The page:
Third Rule: Proper Measurements for the Right Sample Period
Here lie a couple pitfalls: First, there is always a risk when installing a measurement system that employees will “game the system.” Second, measurement duration matters.

To the first point about gaming of systems within organizations: People are smart and naturally competitive, and they don’t want something monitoring their performance unless they’re sure it will put them in a positive light. To that end, some employees may subvert or circumvent monitoring systems if they feel that the outcomes could be a threat to their employment status. I have seen

  • electronic badging systems rigged to make lunches and breaks seem shorter than they actually were

  • batching of documentation work in a performance monitoring system to make certain individuals on certain shifts look extraordinarily productive

  • presigning good laboratory, manufacturing, and other practice (GxP) documentation before steps are performed to save the time of stopping after each step and thus document all steps sequentially

  • and many (many) other examples.

Many of those are breaches of GxP practice. But they are ubiquitous and tell us more about human behavior than we could ever understand by asking for honest feedback. The bottom line is that whenever you put into place a metric that incentivizes a particular result, you will encourage and reinforce behaviors that lead to that result regardless of how they get there.

The Hawthorne Effect: The very nature of organizational measurements creates a seductive situation for the Hawthorne Effect to take hold (1). The name comes from a psychological experiment in the 1920s and 1930s, when psychologists sought to understand the basis for performance improvement on a manufacturing line given different variables at play (shifts, widgets, and so on). The conclusion those researchers came to was that the act of simply being observed contributed an inordinate and significant effect to workers’ performance.


Photo 4: Measure the right things, but don’t create a panopticon.

We see that in other historical examples as well: e.g., the panopticon, Jeremy Bentham’s concept for prison design in which prisoners are held in the outer circumference of a columnar structure (2). The prison’s administrative spaces reside in the center of the column. The whole point of is to set up a psychological edifice wherein each prisoner’s cell can be watched covertly by guards in the central space. The principal behind this architecture is that prisoners will behave in a more conforming way if they think they are continuously watched by an unseen observer. Clearly ethical issues arise with the philosophical foundation of a panopticon, but the basic management tenet that “what gets measured gets done” is the business-speak equivalent of the premise underlying both the panopticon and the Hawthorne Effect — that is, changing behavior through observation (Photo 4).


Figure 2: Checksheets of QA tallies shows where errors occur within a batch record.

It’s possible to minimize the obtrusiveness of measurements within operational areas, and a good rule of thumb is that the more invisible and automatic are the systems for measurement, the better. Specifically, the quality tool called a “check sheet” is a typically manual document tallying something (or somethings) to keep a record of transactional data (Figure 2). For example, every time a GMP batch record is found to have an error upon QA review, a tick mark can be put on a check sheet along with typically another parameter of interest (such as day of the week, shift, section of record, extent of the excursion, and so on). That eliminates fallacious arguments from memory such as, “This batch record isn’t any more error-prone than these other ones.” The actual real-time QA-collected data are readily apparent and usable for problem-solving. With electronic batch records, errors can be detected and tallied by a computer system in real time — or even better, the electronic batch records (eBR) system won’t allow an operator to progress to the next step unless the previous step has been input properly (because prevention beats correction every time).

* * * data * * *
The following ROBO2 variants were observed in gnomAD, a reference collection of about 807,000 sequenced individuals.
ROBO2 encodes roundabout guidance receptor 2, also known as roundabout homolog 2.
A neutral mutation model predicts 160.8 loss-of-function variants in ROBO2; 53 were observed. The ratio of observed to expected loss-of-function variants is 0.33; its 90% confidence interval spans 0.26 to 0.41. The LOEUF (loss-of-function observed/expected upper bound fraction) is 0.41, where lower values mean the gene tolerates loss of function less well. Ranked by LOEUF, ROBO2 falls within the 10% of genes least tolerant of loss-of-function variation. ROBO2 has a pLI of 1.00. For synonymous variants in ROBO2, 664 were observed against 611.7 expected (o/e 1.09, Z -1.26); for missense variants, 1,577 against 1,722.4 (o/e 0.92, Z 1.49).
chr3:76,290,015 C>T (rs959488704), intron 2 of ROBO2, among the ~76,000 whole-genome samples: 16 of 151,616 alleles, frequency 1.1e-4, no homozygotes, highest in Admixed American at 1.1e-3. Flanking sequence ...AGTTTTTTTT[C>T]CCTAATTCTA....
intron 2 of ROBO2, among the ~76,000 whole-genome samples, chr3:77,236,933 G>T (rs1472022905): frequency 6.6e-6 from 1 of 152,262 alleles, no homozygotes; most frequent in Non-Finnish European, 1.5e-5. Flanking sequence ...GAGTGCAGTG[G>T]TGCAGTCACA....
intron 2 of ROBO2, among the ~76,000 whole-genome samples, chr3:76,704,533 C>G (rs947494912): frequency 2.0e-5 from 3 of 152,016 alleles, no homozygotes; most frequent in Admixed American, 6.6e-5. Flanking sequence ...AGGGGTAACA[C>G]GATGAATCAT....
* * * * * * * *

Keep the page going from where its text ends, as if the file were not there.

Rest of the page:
Figure 3: (top) When you don’t measure for long enough, the time-series plot doesn’t have enough data to discriminate an effect, leading to a conclusion of bias or no conclusive action at all, just no evidence of an effect.

Duration is another major potential pitfall. It is a mistake both not to measure a process for long enough and to measure it for too long with no end planned. I’ve often seen arbitrarily chosen measurement durations or the documentation of a corrective and preventive action (CAPA) committing to “measurement of process X to demonstrate (something)” with no end game.

In the first case, time windows that are too small will not provide statistically meaningful evidence for the nature of a problem or resolution of its root causes. Choose a measurement duration based upon how many “units” occur in a given period. For example, if you have a process that iterates only three times each week, then one month of measurement probably isn’t enough time to demonstrate a problem (or its resolution).


Figure 3: (bottom) A cyclical effect repeats X times, and not applying CAPA allows for many instances that could have been averted.

On the other hand, if you have a DCS system polling instruments second by second — or even dozens of times per second — then measuring for a month or more could cost your business more in lost time and opportunity than it’s worth. In such cases, only a few days would give you sufficiently thousands of data points from which to draw meaningful inferences. Spending more time measuring for measurement’s sake can cost a business in potential defects that are not resolved soon enough (Figure 3).

Looking Ahead: Asking the Right Questions
In the next installment of this series, I will present more in-depth ways to keep from choosing the wrong parameters to measure. For any CAPA to be effective, it must be properly determined and selected by identifying and understanding the signal within the data noise. Choosing the right things to measure will ensure that you’re not just chasing noise.

1 Cherry K. What Is the Hawthorne Effect? VeryWell 27 July 2017.

2 Mason MK. Foucault and His Panopticon. 2017; michel-foucault-power.html.

Ben Locwin, PhD, MBA, MS, MBB, is president of Healthcare Science Advisors; [email protected]. He has provided insight and breakthrough performance for many Fortune-500 companies — principally in healthcare, but also the food and beverage, aerospace, automotive, and oil and gas industries. Follow him on Linked In and Twitter@BenLocwin.